Don't be an Apple fool

The first new iPhone reviews are in, and there is increasing buzz about how 5s supplies will be greatly limited, as in "severely constrained". Something everyone should keep in mind about iPhone 5s availability. There is huge, as in humongous gigantic, benefit to Apple.

In business perception is everything, and supply shortages generate blogs and news stories and the appearance that the product is super hot-in-demand. No preorders and buzz about coming supply shortages should get people to stores, standing in line -- a phenom not really seen since iPhone 4. Waiting lines -- longer the better -- create perception a product is wanted and result in more blogs, news stories and social network shares.

One drawback of preorders: Lines outside Apple and cellular carrier stores are shorter, resulting with each new launch boundless online punditry about how iPhone demand just isn't what it once was. Given how little substantively is changed between iPhone 5 and 5s -- and Apple's experiences with 4s and 5 launches -- I see changing tactics: Restricting preorders to get people to stores. Granted, iPhone 5c is available for preorder, but that's a new product for which Apple needs sales. For 5s, buzz is more important.

But there's a risk: If people don't line up, because they couldn't preorder and want 5s, there will be confirmation demand isn't as strong as it once was, which will create negative perceptions among Apple investors.

A New Low

Some carriers report "grotesquely low" supplies for Friday's sales launch. I called local AT&T and T-Mobile company stores here in San Diego. Consensus is limited availability, but not necessarily less than iPhone 5, one rep said, qualifying: "We just don't know". My closest T-Mobile Store will have black 16GB only. Both retail shops open early, at 8 a.m. local time.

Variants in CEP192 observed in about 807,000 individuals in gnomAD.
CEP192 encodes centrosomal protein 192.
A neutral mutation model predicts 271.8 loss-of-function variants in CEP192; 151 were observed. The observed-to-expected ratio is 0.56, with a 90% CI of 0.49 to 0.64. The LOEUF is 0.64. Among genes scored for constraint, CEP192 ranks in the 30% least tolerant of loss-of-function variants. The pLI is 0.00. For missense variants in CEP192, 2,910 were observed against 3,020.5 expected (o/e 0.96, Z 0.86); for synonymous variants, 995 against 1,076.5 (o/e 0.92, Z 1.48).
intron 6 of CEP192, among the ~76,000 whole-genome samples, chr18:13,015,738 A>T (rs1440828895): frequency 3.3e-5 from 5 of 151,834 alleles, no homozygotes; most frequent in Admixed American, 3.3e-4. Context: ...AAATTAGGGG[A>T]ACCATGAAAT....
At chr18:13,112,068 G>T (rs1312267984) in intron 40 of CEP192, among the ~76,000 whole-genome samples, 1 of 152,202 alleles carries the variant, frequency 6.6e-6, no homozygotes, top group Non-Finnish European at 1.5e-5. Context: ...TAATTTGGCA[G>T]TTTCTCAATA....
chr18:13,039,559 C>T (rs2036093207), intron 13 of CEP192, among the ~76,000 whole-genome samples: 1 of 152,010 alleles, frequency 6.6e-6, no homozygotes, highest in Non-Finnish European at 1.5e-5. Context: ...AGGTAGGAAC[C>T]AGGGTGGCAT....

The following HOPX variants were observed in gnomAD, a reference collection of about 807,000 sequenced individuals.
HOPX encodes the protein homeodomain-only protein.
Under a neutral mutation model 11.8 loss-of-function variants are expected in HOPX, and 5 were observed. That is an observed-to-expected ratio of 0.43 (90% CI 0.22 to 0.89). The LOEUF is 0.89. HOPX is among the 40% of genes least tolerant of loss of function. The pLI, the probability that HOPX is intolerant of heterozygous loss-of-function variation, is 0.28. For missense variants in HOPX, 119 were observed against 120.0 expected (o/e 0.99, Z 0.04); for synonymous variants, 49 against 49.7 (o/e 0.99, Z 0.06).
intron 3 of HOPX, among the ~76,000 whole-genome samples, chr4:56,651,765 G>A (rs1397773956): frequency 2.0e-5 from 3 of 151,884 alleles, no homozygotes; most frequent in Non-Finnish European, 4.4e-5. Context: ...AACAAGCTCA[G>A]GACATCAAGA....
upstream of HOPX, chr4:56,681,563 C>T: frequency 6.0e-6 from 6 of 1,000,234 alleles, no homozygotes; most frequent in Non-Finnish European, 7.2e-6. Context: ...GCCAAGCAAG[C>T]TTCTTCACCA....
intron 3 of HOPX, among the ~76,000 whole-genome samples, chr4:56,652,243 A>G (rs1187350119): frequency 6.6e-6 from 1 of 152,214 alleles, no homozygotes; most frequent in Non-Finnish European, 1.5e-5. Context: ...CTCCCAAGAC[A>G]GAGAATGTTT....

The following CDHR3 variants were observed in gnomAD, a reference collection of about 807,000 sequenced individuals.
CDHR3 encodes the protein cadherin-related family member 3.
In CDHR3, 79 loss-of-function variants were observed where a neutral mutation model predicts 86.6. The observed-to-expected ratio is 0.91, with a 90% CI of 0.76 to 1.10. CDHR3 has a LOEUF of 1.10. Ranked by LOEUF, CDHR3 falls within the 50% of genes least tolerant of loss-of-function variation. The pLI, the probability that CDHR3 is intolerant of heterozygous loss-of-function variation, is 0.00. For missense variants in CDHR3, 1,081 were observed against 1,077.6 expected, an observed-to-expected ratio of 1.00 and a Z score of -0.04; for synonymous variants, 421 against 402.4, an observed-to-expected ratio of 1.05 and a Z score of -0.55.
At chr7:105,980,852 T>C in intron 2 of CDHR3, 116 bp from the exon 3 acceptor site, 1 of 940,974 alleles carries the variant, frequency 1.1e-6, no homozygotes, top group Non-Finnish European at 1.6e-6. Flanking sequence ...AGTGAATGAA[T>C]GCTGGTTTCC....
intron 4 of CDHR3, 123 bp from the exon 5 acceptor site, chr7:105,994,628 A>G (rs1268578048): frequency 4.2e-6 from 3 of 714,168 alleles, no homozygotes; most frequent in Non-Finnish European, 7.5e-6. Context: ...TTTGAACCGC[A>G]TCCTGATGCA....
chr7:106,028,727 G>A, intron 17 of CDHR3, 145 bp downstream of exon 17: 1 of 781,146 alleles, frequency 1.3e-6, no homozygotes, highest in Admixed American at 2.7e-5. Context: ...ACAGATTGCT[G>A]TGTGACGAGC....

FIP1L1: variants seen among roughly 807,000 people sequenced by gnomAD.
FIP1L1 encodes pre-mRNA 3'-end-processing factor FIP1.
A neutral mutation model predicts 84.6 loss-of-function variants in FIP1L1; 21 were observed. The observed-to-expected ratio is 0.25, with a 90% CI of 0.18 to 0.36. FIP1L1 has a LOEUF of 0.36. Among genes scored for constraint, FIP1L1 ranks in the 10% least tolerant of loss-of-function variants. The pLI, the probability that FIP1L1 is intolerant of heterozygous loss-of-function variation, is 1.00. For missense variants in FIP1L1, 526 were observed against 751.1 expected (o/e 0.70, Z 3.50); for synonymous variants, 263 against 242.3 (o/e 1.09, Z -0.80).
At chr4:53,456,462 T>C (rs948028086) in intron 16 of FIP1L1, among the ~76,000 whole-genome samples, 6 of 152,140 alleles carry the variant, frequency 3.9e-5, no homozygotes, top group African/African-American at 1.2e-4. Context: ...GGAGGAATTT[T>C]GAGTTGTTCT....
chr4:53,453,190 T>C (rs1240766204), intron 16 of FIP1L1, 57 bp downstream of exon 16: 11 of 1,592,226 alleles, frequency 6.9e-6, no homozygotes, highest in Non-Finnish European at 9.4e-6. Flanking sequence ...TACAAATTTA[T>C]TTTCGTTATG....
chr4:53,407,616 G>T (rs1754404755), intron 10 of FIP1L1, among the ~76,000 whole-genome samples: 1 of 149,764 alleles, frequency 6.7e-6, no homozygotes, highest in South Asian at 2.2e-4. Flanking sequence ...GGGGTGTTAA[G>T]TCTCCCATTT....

I see some speculation that the iPhone 5s fingerprint reader is one -- if not the major -- reason for rumored supply shortages. Meaning: The device is more difficult to produce. Long lines, if there are any, can obscure something bloggers and reporters -- hungry for that page-view churning story -- miss: Apple fracked up. Plain, pure and simple.

If Apple can't supply enough units because of a manufacturing problem, then someone isn't properly overseeing the supply chain, and the blame belongs to CEO Tim Cook. You can expect Apple distribution problems to be largely obscured by reports about iPhone 5s demand, as anxious buyers come up empty or the lucky few are gleefully interviewed about their bounty. Supply shortages impacted iPhone 5 as well, where preorders kept store waiting lines and related buzz low.

Free Marketing

Supply constraint can make products more desirable. The lucky few are special for getting one. They belong, even for limited time, to a special club. That surely will be the case with gold iPhone 5s, which unmistakably isn't its exactly-shaped and sized predecessor. If you've got one, and many others want one, you will be noticed at Starbucks or other public places. There's a positive feedback loop, where rumored (or actual) short supplies increase sales. Just because people couldn't preorder doesn't mean they won't be able to place backorders. Supply shortage isn't a launch-day event, but one that goes on for weeks, generating new blog posts and new stories that feed the buzz and generate millions of bucks in free marketing for Apple.

What matters is what's missing following the start of iPhone 5c preorders: Apple not bragging about how many. Expect the company to combine both phone sales, when boasted in PR, to give greater sense of demand. That's a way to hide whether or not sales of one is weak. Apple does this with iPad, by not breaking out mini sales, which by all analyst estimates cannibalize sales of the larger tablet.

BetaNews readers certainly aren't that interested in the new handset. Early response to our buying poll: 58 percent won't buy iPhone 5s. If that figure is at all indicative of the larger population, limited supplies likely will create the perception demand is greater than what it otherwise would be.

Friday is a big day for Apple, but today matters more to existing customers updating iPads, iPhones and iPods to iOS 7.

Photo Credit: Shutterstock/NinaMalyna

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